But children need to learn independent thinking, need to have a opportunity to experiment with independency. And children must learn to cooperate.
    Maybe real teachers do provide safe opportunities for learning independency?

    1. Hey jaap… The West should be awake by now, but apparently not blogging yet ๐Ÿ˜‰

      Yes, of course learning independence is important… Now I struggle with respecting my two-year old’s budding independence, that sometimes means she wants to sit on the kitchen counter (she calls this position “humpty” after “humpty dumpty”) and then proceeds to push my hand away so she could try jumping. On ceramic floor. Not gonna happen. But otherwise, i try to give her space to make her own choices and construct her own world when i can and it is “safe”.

      I guess the key word in what you mention is “safety”. The only advantage of the educational situation is its relative safety, or potential for safety, as opposed to the “real” world, but the learning environment is itself also the “real world” with “real” people in it… I.e. the teacher doesn’t always have control over what occurs (e.g. Children hurting each other physically, verbally, emotionally) – but that is also ok, and is a learning opportunity in itself… As long as we don’t delude ourselves about the safety of things.

      Having a child makes this clearer to me; i can put her in a room where i think there is nothing unsafe and she will almost always find a way to do something unsafe with all the safety surrounding her!

      Last point: you said something about the Netherlands? It had to struggle for independence? Thought you guys colonized quite a few other places like South Africa? Or are you from somewhere else?

      1. The Netherlands had a Spanish king in about 1460. The Dutch did not like his religious fanatism . The Dutch did declare independency and the king did send an army. about 1570 the war was over.
        And we did colonize some places yes.
        Cooperation in schools is normal, working together on a task.

  2. One more thing… Did u intend the paradox between learning independency and learning to cooperate? It is not a dichotomy, but i think the hidden curricula of schools often promote compliance rather than cooperation i.e. discipline. Unless you meant for kids to cooperate with each other in order to reach goals?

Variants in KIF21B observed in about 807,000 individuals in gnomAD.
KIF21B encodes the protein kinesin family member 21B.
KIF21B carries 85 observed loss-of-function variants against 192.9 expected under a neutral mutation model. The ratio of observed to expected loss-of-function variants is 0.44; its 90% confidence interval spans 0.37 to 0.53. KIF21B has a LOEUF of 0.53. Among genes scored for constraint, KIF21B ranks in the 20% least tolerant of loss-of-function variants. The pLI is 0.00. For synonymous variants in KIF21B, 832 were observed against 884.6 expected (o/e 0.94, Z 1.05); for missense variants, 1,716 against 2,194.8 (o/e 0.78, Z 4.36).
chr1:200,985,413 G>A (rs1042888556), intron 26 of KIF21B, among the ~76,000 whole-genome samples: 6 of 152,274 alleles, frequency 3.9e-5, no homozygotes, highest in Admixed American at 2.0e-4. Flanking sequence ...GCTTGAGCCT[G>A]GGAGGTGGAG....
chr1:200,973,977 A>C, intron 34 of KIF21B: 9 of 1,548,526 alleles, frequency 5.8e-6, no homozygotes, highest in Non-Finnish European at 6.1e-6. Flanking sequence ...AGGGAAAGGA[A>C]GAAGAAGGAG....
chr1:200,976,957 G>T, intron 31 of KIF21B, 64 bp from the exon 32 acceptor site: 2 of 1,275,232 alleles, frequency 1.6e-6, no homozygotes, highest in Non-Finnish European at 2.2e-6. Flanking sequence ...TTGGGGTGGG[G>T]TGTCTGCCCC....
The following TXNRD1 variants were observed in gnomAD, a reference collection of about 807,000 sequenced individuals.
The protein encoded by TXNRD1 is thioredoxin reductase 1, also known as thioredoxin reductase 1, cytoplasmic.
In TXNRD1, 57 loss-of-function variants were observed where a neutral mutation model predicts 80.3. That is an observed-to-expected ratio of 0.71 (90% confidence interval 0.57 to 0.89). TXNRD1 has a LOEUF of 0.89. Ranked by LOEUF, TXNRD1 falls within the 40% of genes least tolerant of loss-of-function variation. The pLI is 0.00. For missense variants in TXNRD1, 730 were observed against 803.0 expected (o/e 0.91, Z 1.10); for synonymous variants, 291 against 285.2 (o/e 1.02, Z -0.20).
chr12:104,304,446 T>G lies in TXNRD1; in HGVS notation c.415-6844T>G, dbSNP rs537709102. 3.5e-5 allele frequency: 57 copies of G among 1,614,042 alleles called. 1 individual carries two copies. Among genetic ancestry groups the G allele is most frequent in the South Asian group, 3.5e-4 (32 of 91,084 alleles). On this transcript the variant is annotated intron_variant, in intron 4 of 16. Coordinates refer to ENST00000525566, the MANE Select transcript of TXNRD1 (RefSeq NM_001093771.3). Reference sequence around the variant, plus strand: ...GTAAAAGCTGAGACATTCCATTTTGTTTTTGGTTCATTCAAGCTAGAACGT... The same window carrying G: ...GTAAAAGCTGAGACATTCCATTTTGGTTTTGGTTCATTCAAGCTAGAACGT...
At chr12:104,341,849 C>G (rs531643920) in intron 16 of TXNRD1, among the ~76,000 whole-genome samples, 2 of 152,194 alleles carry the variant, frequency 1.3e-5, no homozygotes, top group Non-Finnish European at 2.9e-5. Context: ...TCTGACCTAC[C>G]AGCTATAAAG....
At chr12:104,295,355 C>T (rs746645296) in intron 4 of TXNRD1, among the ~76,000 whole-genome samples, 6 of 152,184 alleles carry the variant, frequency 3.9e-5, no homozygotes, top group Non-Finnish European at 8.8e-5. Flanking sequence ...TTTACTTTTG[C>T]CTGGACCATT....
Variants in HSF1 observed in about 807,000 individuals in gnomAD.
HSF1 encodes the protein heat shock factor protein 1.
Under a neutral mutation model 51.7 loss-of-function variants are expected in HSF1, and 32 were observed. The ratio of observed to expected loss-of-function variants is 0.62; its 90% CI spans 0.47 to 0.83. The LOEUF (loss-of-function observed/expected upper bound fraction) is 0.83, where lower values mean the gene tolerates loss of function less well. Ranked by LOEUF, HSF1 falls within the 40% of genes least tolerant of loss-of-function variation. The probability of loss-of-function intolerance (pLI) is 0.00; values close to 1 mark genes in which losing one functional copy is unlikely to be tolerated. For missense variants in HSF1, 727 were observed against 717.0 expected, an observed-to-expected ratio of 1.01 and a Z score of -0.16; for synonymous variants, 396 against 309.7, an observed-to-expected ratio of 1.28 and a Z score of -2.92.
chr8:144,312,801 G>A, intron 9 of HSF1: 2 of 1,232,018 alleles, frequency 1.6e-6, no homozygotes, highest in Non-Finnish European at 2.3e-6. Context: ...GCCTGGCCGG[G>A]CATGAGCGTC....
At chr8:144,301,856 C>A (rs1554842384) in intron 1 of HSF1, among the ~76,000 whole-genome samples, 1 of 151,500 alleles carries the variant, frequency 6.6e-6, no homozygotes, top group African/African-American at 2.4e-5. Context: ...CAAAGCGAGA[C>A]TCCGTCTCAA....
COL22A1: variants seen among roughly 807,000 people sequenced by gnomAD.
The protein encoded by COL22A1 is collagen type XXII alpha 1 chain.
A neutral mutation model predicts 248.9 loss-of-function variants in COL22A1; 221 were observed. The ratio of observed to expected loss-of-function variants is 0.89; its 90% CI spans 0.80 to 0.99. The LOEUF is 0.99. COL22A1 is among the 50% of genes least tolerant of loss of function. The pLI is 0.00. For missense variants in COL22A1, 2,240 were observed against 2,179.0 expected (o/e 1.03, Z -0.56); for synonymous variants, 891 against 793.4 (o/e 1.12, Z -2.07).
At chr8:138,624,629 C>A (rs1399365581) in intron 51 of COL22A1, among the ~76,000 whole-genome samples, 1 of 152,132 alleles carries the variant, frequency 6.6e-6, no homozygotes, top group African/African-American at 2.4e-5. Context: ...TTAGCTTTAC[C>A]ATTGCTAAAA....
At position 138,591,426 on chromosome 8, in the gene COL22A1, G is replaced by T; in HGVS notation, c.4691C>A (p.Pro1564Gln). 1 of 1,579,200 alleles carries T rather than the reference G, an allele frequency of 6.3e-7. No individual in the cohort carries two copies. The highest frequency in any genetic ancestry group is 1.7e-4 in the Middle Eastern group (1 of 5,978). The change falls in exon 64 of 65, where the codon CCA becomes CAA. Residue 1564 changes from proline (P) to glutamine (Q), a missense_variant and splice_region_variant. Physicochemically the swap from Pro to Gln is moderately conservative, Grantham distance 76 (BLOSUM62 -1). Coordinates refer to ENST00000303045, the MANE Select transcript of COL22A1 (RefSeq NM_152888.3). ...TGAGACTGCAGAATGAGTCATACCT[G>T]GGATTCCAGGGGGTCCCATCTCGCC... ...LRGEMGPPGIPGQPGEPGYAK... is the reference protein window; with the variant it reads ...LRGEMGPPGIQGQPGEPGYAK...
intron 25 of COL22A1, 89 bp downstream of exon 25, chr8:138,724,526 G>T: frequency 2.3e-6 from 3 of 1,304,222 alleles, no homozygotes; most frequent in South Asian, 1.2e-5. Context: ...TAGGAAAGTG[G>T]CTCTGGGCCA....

1. hey Jaap (having problems replying to your post directly above, so commenting here): I guess it is important to note that each of us can sometimes be in a position of power oppressing others (e.g. as colonizer) but also find ourselves in positions of being oppressed (e.g. gender oppression in the family home) or even at the national level… I got a sense from your post that you were a little bit upset that I mentioned that the Netherlands colonized some people?

  3. I am tired but I just want to say – I lurve this post!
    Bringing the discussion of learning to that experienced by young children challenges some of the facile assumptions about ‘independence’. When is curtailment of independence non-malign? Can an (adult) individual achieve independence? and what does that mean anyway?
    Anyway need to blip my blipfoto then go to bed.

  4. I like how you’ve framed this discussion and the images of Empowerment. It’s ironic that in order to be empowered, someone has to have the person in power give that to them. I hadn’t thought of that before, but you’re right, that’s not very empowering. Ironic.

    I also appreciated your issue of independence and the need for teachers to help the students become independent. What if they don’t want it? Yet, as you state, sometimes it’s the best thing for the student.

    Great questions for us to think through.

  5. I have been rethinking this idea of the privileging of independence since getting interested in Peter Block, John McKnight, Margaret Wheatley and more recently Parker Palmer – I think the idea that any of do anything alone is a pretty false assumption and in the end a disempowering one as it keeps people from seeking the resources they need. There’s also some interesting thinking by Gabor Mate about the whole concept of individuation in children, and how it’s promoted by our culture but not really proven to work – in fact, perhaps the opposite, and Daniel Seigel talking about a new field of interpersonal neurobiology in which our brains work better when we are part of tribes working together. None of which means that we all need to learn everything together, but that perhaps it is time to rethink, as you are doing, some of the assumptions about learning. Thanks for your post – enjoyed this one and the next one too ๐Ÿ™‚